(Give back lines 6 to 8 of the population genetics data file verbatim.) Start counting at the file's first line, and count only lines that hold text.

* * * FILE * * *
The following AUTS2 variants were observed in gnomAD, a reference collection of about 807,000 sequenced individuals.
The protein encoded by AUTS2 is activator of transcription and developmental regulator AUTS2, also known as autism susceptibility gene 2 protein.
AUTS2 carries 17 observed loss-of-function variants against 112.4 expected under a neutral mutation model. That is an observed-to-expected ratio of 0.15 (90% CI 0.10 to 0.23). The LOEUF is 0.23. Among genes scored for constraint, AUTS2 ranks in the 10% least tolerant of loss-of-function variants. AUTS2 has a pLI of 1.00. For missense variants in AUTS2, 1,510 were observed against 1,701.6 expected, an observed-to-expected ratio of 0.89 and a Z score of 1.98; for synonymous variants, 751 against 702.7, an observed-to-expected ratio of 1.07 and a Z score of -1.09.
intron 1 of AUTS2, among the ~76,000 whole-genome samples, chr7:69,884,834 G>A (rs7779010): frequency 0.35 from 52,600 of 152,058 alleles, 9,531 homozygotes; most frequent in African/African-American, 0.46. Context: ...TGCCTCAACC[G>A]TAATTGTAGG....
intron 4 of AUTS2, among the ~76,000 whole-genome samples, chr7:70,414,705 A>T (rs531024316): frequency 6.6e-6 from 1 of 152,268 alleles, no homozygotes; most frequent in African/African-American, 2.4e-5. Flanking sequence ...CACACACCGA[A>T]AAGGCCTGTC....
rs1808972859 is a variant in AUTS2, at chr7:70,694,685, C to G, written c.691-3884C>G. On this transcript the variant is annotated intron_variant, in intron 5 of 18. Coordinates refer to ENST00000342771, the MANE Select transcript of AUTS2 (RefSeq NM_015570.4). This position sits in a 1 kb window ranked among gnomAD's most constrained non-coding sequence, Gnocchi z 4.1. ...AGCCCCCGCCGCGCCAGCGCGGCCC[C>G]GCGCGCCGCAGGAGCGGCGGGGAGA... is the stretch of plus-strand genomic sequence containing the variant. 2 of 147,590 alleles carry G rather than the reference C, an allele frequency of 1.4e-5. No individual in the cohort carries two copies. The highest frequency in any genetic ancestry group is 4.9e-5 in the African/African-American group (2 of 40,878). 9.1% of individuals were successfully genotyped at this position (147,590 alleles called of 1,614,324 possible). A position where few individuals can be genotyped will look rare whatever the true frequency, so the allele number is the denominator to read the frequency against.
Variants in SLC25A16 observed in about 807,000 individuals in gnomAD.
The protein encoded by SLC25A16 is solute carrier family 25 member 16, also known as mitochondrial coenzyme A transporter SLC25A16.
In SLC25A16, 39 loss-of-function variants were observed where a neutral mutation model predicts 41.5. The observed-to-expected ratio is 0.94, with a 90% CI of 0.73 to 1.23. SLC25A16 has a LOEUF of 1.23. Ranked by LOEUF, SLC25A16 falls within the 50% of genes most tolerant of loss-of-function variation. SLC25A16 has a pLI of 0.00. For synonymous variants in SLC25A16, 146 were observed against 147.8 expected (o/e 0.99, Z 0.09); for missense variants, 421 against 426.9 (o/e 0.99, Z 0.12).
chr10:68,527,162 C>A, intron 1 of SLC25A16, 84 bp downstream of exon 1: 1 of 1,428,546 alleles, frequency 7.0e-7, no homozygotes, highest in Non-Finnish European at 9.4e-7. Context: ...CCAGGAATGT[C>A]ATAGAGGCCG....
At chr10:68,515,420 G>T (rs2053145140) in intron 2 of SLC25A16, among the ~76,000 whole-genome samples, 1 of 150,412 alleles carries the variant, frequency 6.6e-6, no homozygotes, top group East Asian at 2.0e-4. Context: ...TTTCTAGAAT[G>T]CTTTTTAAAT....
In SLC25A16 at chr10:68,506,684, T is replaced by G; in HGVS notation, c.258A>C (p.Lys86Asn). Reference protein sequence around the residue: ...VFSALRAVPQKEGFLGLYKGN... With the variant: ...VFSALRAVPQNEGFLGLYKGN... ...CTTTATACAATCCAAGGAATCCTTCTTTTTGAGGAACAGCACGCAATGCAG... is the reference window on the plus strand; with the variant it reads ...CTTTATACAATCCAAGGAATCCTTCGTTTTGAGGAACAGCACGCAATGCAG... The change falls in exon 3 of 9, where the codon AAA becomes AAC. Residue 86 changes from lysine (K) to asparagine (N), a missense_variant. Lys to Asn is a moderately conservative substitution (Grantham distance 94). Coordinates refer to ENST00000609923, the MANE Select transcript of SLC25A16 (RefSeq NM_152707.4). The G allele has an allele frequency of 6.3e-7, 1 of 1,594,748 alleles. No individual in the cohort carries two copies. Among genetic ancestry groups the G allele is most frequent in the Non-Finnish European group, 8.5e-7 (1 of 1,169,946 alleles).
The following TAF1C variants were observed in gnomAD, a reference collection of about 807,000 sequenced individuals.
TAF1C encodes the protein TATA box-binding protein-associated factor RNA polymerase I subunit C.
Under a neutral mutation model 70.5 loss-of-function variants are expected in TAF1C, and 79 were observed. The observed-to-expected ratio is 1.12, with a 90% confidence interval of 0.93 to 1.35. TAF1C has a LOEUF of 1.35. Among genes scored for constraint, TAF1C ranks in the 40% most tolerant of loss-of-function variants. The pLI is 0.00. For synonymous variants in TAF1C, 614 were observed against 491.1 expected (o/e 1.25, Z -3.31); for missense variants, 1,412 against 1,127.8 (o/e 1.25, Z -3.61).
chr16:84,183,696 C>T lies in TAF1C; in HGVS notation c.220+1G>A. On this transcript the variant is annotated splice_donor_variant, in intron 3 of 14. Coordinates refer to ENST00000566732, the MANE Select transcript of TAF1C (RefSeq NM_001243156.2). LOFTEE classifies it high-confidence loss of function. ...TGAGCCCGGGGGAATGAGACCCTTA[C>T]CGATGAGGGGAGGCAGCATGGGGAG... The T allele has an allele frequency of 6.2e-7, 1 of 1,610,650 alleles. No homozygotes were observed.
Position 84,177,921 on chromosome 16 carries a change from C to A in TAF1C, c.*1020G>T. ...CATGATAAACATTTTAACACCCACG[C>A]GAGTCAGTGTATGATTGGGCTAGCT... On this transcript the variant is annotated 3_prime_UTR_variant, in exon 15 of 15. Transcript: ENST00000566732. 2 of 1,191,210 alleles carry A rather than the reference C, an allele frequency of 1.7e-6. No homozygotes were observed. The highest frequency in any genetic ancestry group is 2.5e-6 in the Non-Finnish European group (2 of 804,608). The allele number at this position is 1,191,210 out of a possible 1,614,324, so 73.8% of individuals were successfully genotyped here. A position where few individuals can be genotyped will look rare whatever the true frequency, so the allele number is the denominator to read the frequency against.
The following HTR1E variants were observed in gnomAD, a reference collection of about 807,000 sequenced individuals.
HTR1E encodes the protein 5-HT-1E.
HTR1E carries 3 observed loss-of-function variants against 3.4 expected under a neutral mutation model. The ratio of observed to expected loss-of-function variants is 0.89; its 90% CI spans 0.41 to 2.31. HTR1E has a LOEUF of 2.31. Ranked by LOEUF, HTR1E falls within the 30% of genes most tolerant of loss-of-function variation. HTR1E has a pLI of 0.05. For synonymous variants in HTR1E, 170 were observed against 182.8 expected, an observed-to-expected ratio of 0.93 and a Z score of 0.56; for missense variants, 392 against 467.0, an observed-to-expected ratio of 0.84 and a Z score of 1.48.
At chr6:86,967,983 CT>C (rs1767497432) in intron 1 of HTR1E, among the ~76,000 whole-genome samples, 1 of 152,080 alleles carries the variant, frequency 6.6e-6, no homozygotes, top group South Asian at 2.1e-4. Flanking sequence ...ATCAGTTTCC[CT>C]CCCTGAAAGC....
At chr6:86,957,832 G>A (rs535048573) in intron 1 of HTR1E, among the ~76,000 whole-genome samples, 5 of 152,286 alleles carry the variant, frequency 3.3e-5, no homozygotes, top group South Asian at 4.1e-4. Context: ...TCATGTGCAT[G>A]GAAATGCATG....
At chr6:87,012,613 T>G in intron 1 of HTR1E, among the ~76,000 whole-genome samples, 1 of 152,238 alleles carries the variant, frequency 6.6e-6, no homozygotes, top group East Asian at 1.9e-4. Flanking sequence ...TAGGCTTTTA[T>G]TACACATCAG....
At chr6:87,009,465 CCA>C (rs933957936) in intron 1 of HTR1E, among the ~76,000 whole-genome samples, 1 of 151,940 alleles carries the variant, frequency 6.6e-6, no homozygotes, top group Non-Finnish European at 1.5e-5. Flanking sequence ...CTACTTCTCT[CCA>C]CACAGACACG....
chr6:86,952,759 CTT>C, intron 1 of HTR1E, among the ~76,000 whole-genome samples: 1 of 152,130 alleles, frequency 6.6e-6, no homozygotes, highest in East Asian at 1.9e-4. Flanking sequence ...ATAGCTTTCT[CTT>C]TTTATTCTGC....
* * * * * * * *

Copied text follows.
rs1808972859 is a variant in AUTS2, at chr7:70,694,685, C to G, written c.691-3884C>G. On this transcript the variant is annotated intron_variant, in intron 5 of 18. Coordinates refer to ENST00000342771, the MANE Select transcript of AUTS2 (RefSeq NM_015570.4). This position sits in a 1 kb window ranked among gnomAD's most constrained non-coding sequence, Gnocchi z 4.1. ...AGCCCCCGCCGCGCCAGCGCGGCCC[C>G]GCGCGCCGCAGGAGCGGCGGGGAGA... is the stretch of plus-strand genomic sequence containing the variant. 2 of 147,590 alleles carry G rather than the reference C, an allele frequency of 1.4e-5. No individual in the cohort carries two copies. The highest frequency in any genetic ancestry group is 4.9e-5 in the African/African-American group (2 of 40,878). 9.1% of individuals were successfully genotyped at this position (147,590 alleles called of 1,614,324 possible). A position where few individuals can be genotyped will look rare whatever the true frequency, so the allele number is the denominator to read the frequency against.
Variants in SLC25A16 observed in about 807,000 individuals in gnomAD.
The protein encoded by SLC25A16 is solute carrier family 25 member 16, also known as mitochondrial coenzyme A transporter SLC25A16.